Friday, July 18, 2008

Misleading headline of the day

The award goes to Reuters for "White House threatens to veto oil drilling bill".

One would imagine that the bill in question somehow fundamentally alters the amount of domestic oil drilling, with a strong implication that the bill would increase said drilling. That would be wrong.

The White House on Thursday threatened to veto legislation being considered by the U.S. House of Representatives that would force oil companies to give up undrilled federal leases and ban the export of crude drilled in Alaska.

Ok, they're already called "leases" because they expire. If they didn't expire, they would be called "purchases".

The bill, which the House was to vote on later on Thursday, has a "use it or lose it" provision that requires oil companies to diligently develop their existing federal leases or turn them back to the government before they could obtain new acres to drill.

It's hard to see how this increases domestic production... if ABC Oil Company doesn't drill on a leased area that they've already paid for it's hard to see why XYZ Oil Company would be in a hurry to scoop up that property. And again, they're leased properties. They expire anyway. But the Democrats will say anything to change the subject from offshore drilling.

Back that whole Alaska thing for a moment. I've heard rumblings about Alaskan oil being exported, and I just don't care. Even Reuters says "virtually none of the state's crude has been shipped to other countries in the past eight years". But it doesn't matter if all of the Alaskan oil was being exported. It's easier to move money than crude oil, and if it's more economical to ship every drop of Alaskan oil to Japan and China, take the money and buy more of the same thing from Canada, Mexico, etc, then it would be idiotic not to do so.

Thankfully somebody at the White House was on top of that one:
"Such a ban would make virtually no additional oil available to U.S. consumers, and would not lower oil prices that are set in a world market," the White House said. "At the same time, such export restrictions are detrimental to the efficient operation of global energy markets and would send the wrong signal to our trading partners who may face pressure to impose similar trade restrictions."

What part of "world market" do you not understand, Democrats? I'm going to go with the "market" part, but you can make a case for the whole shebang.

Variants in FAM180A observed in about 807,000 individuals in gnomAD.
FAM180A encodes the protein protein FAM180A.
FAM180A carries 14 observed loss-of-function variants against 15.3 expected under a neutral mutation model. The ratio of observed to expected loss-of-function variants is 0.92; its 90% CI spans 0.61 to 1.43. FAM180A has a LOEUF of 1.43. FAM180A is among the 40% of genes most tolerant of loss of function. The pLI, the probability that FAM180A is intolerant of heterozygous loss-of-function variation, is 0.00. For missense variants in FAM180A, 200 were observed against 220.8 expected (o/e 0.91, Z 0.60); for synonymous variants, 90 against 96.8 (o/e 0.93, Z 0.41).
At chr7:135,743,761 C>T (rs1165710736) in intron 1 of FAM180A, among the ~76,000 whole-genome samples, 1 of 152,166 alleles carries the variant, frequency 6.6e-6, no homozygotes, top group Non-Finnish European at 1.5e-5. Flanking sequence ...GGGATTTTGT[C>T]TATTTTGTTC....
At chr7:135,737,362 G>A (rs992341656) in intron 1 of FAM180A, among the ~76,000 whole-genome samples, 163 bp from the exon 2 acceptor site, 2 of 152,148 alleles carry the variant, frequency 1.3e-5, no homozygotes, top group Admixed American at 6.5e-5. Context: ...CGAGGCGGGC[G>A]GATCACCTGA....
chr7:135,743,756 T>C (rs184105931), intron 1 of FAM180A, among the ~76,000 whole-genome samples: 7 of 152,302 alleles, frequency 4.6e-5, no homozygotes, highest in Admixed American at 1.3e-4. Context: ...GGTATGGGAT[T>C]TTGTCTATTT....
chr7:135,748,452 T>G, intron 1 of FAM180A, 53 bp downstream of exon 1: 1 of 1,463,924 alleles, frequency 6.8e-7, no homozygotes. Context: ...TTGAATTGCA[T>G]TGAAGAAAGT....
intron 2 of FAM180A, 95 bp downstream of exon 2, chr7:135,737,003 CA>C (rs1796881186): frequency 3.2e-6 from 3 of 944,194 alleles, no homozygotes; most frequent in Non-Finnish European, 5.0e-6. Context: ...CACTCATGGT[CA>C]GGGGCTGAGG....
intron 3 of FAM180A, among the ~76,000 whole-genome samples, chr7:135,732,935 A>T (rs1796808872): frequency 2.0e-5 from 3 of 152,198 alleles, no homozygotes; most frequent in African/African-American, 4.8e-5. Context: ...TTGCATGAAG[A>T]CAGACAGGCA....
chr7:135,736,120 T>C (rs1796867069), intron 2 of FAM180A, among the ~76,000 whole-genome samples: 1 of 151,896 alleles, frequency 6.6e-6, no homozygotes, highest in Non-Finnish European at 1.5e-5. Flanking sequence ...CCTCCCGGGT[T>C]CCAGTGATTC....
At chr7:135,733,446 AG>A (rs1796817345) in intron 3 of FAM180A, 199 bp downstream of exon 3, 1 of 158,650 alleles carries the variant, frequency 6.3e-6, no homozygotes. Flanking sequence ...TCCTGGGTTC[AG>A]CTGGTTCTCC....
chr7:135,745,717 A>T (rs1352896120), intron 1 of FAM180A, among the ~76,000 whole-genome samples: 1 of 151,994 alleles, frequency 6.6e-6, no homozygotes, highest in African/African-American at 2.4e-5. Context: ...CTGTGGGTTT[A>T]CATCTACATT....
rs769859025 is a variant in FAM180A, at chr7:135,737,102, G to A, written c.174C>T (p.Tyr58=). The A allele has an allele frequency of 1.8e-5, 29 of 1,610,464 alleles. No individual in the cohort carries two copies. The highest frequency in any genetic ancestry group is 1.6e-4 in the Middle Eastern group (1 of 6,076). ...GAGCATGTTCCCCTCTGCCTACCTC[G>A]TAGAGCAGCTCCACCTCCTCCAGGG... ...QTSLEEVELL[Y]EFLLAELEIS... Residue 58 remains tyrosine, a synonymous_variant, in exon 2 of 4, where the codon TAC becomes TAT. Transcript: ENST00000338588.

Anonymous said...

Query - what's the average duration of these leases? If it's 5 years or thereabouts, then having an early termination clause doesn't make much sense. However, if we're talking 50 or 100 year leases, then you could at least argue that this kind of expiration trigger might be worthwhile.


Exporting oil from Alaska and importing from Canada/Mexico = dumb. And no transitive property applied here from Spaceballs turning my words around to importing = good, thankyouverymuch.

Sockless Joe said...

Good question on the leases. I'll have to check in to that.

I'm confused by your (apparent?) disagreement over the Alaska business. If it makes economic sense, do it. If not (which seems to be the case) then it just won't be done, no help from Washington necessary.

Anonymous said...

Right. That's what I was trying to say, that it looked like it made no economic sense to export from Alaska. That it was, in fact, dumb. But I'm no expert.

Speaking of Star Wars parodies and politics - Robot Chicken Wars is on the way to my home in glorious DVD. (despite the fact that I could easily watch it online).


Sockless Joe said...

Which brings me back to the pointlessness of the bill in question. It is likely (and at best) a completely unnecessary regulation w.r.t. Alaskan oil. They're either grandstanding or ignorant.

(I think a plausible but unlikely scenario based on transportation costs can be constructed where it would make perfect sense to export Alaskan oil, and in this hypothetical scenario a bill such as this would actually raise the price of oil.)

But there's this meme floating out there about the usual greedy oil barons who sell Alaskan oil abroad when they "should" be selling it here. But that's not even happening. Sadly, crap like this has legs.

Sockless Joe said...

Back to the lease duration, my layperson's casual reading of the regulations indicates that the lease is 5 years minimum with the potential for up to a 10 year lease at the discretion of the Secretary of the Interior(*).

The Secretary also has the discretion to ask at any time for a good-faith plan for development, and an unsatisfactory plan can lead to lease cancellation.

(*)-I think it's the Sec. of the Interior. The legislation refers to the "Secretary" and the definition was basically Interior though most of it unless, well, it isn't, such as Energy. I didn't care enough to figure it out on a provision by provision basis.